He contended that whereas the constitution provided for a three-man panel to sit over cases brought before the tribunal, he said that only two Justices sat on September 22 when he was docked.
According to him, the composition of the tribunal was in violation of paragraphs 15(1) of the 1999 constitution, as amended.
Daudu maintained that the tribunal was wrong in assuming criminal jurisdiction against the Senate President when it was not listed in the constitution as a superior court of record.
He described the CCT as an “inferior court”, saying it does not in any way, share concurrent jurisdiction with the Federal High Court.
He therefore urged the appeal court to nullify the proceedings of the tribunal against Saraki and also set aside the criminal charges filed against him by the federal government for being illegal and unlawful.
Nevertheless, FG, bent on going ahead with the case, asked the appellate court to dismiss Saraki’s arguments as baseless and grossly lacking in merit.
Jacobs, SAN, argued that the tribunal was properly constituted and empowered to try the accused person.
He urged the court to invoke the Interpretation Act to resolve the issue on whether the two-man panel had indeed formed a quorum as envisaged by the law.
More so, the prosecuting counsel submitted that the tribunal has criminal jurisdiction hence the use of words like “guilty” and “punishment” in the law that established it.
“We urge your lordships to dismiss this appeal and order the appellate to go before the CCT and face criminal charges against him. We have gathered enough evidence to prove that he made anticipatory assets declaration”, Rotimi added.
Saraki was in the charge before the CCT, marked ABT/01/15 and dated September 11, 2015, alleged to have falsely declared his assets, contrary to the constitutionally requirement.
He was accused of deliberately manipulating the assets declaration form that he filed prior to his assumption of office as the Senate President, by making anticipatory declaration of assets.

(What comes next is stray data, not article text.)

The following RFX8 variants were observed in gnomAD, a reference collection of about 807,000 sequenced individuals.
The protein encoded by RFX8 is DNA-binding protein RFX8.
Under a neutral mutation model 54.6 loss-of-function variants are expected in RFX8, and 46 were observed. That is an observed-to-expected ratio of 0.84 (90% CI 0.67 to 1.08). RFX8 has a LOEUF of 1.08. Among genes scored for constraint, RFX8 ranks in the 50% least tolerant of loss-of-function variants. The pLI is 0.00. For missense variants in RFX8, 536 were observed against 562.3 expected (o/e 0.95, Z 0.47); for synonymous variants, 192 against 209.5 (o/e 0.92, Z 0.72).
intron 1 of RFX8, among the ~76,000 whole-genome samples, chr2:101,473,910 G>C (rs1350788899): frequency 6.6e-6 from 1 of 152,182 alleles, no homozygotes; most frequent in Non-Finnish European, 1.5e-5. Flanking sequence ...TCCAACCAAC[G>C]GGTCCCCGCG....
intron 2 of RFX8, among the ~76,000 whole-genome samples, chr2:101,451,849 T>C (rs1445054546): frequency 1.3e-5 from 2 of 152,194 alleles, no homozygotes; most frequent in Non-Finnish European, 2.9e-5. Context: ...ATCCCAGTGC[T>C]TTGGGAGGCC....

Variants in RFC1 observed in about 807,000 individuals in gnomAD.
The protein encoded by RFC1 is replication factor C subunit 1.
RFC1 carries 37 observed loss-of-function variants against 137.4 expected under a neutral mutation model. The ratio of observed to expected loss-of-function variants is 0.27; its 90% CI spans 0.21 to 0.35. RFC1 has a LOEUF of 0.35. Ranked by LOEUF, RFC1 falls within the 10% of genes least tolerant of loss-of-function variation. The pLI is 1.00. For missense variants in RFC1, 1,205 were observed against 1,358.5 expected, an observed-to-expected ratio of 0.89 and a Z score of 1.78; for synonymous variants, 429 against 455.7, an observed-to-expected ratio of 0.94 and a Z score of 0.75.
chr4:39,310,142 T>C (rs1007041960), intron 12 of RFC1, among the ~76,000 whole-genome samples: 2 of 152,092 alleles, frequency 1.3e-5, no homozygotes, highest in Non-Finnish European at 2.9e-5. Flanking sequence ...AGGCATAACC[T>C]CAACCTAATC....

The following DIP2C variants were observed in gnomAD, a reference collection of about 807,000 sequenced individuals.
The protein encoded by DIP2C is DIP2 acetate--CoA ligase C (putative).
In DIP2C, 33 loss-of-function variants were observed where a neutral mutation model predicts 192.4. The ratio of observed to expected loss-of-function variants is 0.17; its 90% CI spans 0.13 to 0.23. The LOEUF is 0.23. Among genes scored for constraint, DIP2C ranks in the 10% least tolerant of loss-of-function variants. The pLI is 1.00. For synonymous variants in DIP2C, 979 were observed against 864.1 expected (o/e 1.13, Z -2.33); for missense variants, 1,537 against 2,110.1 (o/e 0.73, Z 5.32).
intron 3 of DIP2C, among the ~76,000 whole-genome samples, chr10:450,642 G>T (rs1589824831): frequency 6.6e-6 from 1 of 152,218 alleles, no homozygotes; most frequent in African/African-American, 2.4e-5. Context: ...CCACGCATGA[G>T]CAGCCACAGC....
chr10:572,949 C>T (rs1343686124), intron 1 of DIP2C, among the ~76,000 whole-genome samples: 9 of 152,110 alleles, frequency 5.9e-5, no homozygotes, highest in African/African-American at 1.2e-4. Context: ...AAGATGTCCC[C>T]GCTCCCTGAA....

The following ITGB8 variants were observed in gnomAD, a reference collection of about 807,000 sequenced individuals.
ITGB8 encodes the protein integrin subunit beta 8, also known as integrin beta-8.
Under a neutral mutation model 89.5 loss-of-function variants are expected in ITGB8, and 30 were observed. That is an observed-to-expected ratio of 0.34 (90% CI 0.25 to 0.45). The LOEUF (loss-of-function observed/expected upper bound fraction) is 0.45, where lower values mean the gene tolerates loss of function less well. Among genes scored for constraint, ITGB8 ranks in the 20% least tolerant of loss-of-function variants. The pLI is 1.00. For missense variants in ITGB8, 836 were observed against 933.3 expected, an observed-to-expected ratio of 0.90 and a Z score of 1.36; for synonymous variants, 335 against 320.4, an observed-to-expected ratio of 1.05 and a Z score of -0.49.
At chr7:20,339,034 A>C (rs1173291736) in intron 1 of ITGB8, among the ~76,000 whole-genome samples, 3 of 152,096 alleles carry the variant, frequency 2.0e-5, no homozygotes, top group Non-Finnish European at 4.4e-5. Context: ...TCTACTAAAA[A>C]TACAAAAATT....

The offence was said to have been committed while Saraki held sway as a governor.
He was also accused of breaching section 2 of the CCB and Tribunal Act, an offence punishable under section 23(2) of the Act and paragraph 9 of the said Fifth Schedule of the 1999 Constitution, as amended.
FG alleged that Saraki claimed that he owned and acquired No 15A and 15B Mc Donald, Ikoyi, Lagos, through his company, Carlisle Properties Limited in 2000, when the said property was actually sold by the Implementation Committee of the Federal Government landed properties in 2006 to his companies, Tiny Tee Limited and Vitti Oil Limited for the aggregate sum of N396, 150, 000, 00.
He was alleged to have made false declaration on or about June 3, 2011, by refusing to declare plot 2A Glover Road, Ikoyi, Lagos, which he acquired between 2007 and 2008 through his company from the Central Bank of Nigeria for a total sum of N325, 000, 000, 00.
Similarly, Saraki was said to have refused to declare No1 Tagnus street, Maitama, Abuja, which he claimed to have acquired in November 1996 from one David Baba Akawu.
Some of his alleged offence while in office as governor, which are said to be punishable under section 15(1) and (2) of the CCB and Tribunal Act, Cap C15, Laws of the Federation of Nigeria, 2004, were allegedly committed between October 2006 and May 2007.
His actions were classified as a gross violation of the Fifth Schedule of the Constitution of the Federal Republic of Nigeria 1999, as amended.
Saraki has since pleaded not guilty to all the charges against him.